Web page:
Racism, social media are motivators for New Zealand mosques attacks – Reports
Racism and social media have been fingered as chief motivators of the shootings at two mosques in the New Zealand city of Christchurch Friday in which 49 persons were killed in what appeared to be a carefully planned “terrorist” attack. The attacks included a lengthy anti-immigrant manifesto and live streaming of the carnage.
More than 20 people were seriously wounded in the racist rampage. One of the suspects had already appeared in court on Saturday but he remained mute. He is to be kept in custody till next court sitting.
Social media managers also got a scathing as they did little to stop the video going viral. Facebook was particularly criticised for allowing the video to live-streamed for 17 minutes and staying up to 60 minutes before it was pulled down. Facebook claims it constantly polices its network to ensure fatal and terror posts of this nature do not thrive there.
One person, a self-proclaimed racist who described himself as a 28-year-old Australian, was arrested and charged with murder and two others were detained in what Prime Minister Jacinda Ardern called “one of New Zealand’s darkest days.”
“It is clear that this can now only be described as a terrorist attack,” Ardern said.
The Australian suspect, who claimed responsibility for the shootings, left a 74-page manifesto against immigrants and used a helmet-mounted camera to capture footage of the killings.
Australian police identified the suspect as Brenton Tarrant, a white male whose name was also used by the shooter in his 17-minute live video, the Herald reports.
The suspect later made a brief court appearance, lasting only about a minute before District Court Judge Paul Kellar.
He registered no expression as a charge of a single count of murder was read and he was ordered to be returned April 5. Other charges are expected later.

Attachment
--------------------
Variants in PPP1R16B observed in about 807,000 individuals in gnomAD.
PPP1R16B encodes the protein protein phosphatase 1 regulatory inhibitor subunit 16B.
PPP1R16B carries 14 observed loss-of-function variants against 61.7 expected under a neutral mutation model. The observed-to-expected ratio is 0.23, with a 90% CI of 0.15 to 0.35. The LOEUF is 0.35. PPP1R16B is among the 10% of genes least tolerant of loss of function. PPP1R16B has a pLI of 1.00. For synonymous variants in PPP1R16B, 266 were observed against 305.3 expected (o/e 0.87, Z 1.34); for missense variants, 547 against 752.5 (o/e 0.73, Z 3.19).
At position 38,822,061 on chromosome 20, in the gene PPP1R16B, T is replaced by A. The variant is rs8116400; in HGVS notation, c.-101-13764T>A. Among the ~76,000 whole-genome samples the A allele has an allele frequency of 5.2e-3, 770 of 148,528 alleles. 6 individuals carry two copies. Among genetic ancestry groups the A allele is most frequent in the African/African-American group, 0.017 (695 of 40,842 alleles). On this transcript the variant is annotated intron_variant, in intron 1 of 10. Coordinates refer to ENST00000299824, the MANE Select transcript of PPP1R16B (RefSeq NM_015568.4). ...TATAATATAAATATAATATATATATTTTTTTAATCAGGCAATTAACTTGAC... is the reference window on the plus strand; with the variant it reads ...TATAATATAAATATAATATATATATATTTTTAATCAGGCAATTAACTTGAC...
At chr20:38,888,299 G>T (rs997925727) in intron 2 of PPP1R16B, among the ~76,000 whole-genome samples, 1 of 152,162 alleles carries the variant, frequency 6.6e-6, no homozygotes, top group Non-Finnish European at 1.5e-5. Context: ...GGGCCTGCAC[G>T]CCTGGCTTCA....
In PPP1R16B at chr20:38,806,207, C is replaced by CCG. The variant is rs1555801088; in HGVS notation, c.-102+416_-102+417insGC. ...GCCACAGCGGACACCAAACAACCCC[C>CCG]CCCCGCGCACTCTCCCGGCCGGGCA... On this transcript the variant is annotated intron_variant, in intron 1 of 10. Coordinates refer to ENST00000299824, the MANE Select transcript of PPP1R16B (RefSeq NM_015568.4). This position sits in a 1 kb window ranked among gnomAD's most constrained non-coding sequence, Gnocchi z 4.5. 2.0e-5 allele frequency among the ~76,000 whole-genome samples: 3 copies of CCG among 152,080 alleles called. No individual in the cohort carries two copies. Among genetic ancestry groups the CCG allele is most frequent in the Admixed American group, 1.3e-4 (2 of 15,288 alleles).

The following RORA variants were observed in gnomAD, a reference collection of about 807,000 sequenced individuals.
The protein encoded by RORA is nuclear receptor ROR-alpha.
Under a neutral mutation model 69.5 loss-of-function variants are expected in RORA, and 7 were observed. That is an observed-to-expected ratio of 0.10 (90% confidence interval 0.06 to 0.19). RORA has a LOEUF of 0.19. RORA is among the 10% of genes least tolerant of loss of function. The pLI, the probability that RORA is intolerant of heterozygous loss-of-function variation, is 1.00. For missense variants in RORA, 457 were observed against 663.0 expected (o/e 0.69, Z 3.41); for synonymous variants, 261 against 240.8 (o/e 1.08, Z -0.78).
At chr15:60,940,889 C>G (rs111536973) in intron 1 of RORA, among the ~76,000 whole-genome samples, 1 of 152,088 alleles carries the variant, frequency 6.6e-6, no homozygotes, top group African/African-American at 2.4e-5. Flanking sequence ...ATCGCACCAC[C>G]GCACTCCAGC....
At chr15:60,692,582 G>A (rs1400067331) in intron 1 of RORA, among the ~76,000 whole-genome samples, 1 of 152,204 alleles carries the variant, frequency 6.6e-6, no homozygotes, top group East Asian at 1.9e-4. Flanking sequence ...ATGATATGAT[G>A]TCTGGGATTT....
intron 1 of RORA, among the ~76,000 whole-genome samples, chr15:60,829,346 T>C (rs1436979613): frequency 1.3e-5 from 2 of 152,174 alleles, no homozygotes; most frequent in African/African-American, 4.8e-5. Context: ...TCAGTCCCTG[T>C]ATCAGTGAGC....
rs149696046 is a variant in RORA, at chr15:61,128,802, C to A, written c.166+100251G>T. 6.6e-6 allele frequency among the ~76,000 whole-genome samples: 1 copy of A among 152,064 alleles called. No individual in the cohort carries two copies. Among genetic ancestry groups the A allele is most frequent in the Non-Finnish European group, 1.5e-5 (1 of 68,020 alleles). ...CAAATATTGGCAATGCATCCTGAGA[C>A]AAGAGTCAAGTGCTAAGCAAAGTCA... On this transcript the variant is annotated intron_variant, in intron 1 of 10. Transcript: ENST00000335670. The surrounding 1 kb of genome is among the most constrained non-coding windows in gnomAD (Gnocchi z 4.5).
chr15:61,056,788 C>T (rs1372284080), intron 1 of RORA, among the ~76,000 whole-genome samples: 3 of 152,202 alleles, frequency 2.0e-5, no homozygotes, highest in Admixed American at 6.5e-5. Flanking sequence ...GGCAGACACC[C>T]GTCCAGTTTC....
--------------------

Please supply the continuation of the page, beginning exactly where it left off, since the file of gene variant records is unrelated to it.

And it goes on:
The video shows the gunman saying “Let’s get this party started” before walking in the front door of the Al Noor mosque and opening fire. After three minutes, he returns to his vehicle for more ammunition and goes back into the mosque and opens fired again, according to the New Zealand Herald. It ends with him driving away from the scene at high speed.
New Zealand Police Commissioner Mike Bush confirmed that video of the shooting had been circulating on social media. Facebook said it had taken down the gunman’s Facebook and Instagram accounts and was attempting to remove any copies of the video.
One unidentified survivor told TV New Zealand that the gunman, wearing black and carrying an semi-automatic weapon, appeared to target the men’s prayer rooms at the Al Noor mosque on Deans Avenue first, opening fire on worshipers, before moving on to the women’s section.
In his lengthy manifesto, the gunman said he was first pushed toward violence while touring Europe in 2017 after an Uzbek man drove a truck into a crowd of people in Stockholm, killing five people, including an 11-year-old Swedish girl.
He said his desire for violence grew when he arrived in France, where he became enraged by the sight of immigrants in the cities and towns he visited.
He said New Zealand, far from Europe, was not the “original choice for attack,” but described it as “target rich of an environment as anywhere else in the West.”
The dossier, which was described by Australian Prime Minister Scott Morrison as a “work of hate,” hailed Trump as “a symbol of renewed white identity and common purpose.”
He said he was carrying out the attacks, “to directly reduce immigration rates to European lands by intimidating and physically removing the invaders themselves.”
By choosing Christchurch, he wrote, he would show that no place on earth was safe and that even a country as far away as New Zealand is subject to mass immigration. He said he settled on his target three months ago.
Asked at an Oval Office meeting Friday whether he sees rising white nationalism, Trump responded, “I don’t really. I think it’s a small group of people.”